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We were leaving for the vacation today—or rather embarking on our journey across the United States to hike upon the breath seizing and fantastical slopes of the Grand Canyon. I was excited, naturally. I had only seen pictures of the unearthly landmark and the opportunity to behold the sight first hand thrilled me. It was a new land, a new state, a new people, a new—everything! I refused to let the commitments and plans I had made at home hold me back from the trip. I helped the group load the car and we set out.
I was in the driver’s seat. My Dad insisted that the long distance driving would be excellent practice. He occupied the front seat keeping a close eye on my driving technique and focus. My younger brother Eneric sat in the seat directly behind me and to my dismay, immediately substituted my chair for a set of drums. Beside him sat my friend Feary Nerbous.
Feary sat silently staring out the window with her hands fidgeting incessantly in her lap. She was an innately shy girl, but traveling made her an absolute wreck. I had politely invited her out of my obligation as a friend, but I had never expected her to accept! Perhaps her decision to come along could be attributed to my friend Egor’s decision to come along also. Egor’s and Feary’s friendship had been nurtured since childhood. Egor, the more outgoing, personable girl, pushed Feary out of her protective shell and forced her to socially interact. Upon this foundation, they had built an efficient and reliable friendship. They were inseparable.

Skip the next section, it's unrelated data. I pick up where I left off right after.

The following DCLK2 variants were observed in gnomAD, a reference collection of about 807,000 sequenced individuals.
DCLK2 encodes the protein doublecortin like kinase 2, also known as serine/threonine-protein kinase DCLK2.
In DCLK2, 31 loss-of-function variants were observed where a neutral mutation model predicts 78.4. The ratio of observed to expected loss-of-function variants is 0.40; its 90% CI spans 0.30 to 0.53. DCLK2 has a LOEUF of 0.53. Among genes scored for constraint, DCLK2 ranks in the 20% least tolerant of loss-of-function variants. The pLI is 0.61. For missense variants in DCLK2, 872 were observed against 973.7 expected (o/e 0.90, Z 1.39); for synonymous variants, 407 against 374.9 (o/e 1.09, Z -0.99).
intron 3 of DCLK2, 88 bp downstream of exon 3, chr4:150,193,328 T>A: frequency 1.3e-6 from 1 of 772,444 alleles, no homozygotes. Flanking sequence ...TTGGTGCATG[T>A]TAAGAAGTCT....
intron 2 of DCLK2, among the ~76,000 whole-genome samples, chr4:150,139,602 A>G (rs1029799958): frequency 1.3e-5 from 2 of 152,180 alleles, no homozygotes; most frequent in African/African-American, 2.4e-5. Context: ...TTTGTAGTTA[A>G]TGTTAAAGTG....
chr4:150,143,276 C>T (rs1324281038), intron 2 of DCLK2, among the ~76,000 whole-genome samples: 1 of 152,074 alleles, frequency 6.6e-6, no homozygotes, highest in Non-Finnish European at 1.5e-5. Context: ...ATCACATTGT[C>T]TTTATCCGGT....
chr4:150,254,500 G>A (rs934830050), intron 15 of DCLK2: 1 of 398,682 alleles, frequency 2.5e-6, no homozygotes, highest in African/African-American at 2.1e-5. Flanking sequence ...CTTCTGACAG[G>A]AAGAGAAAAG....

Oh—and along with these three passengers, my Dad had also invited a new girl in the neighborhood for the benefit of Eneric (although Eneric was far from interested in playing with girls at his age). Her name was Neugeanie. She was an eccentric, strange girl with a blasting head of red hair. When I looked into my rear view mirror, her bright flash of red inhibited my line of vision. This annoyed me.
After about twenty minutes of driving the back roads, we hit the highway and Eneric’s antics of punching my seat grew intolerable.
“Dad!” I complained, “Could you please tell Eneric to stop hitting my seat!”
My Father turned to give Eneric a scolding look and the beating stopped allowing my head to breath. As we drove along, the soothing hum of the road lulled me and I daydreamed of the Grand Canyon. In my head, I could see the immensity of the landscape and almost feel the wind running against my face. The sky must be so vast and blue out there, I thought. There must be so much space and room to breathe that you can think about anything, I dreamed. I bet I could do anything, I thought as I sighed.
“Hey!” my Dad suddenly yelled.
Startled, I jumped and overcorrected the wheel. We swerved and the wheels squealed against the hot pavement. The seconds were sheer terror and panic, but I managed to straighten the wheel and avoid the cars in the lanes next door. Despite several honks from irritated drivers, we escaped the situation unscathed.
“Watch the road!” my Dad castigated me, “You cannot lose focus when you are driving! You know better than that. Driving is serious business. Okay?”
I nodded, my chest still in knots.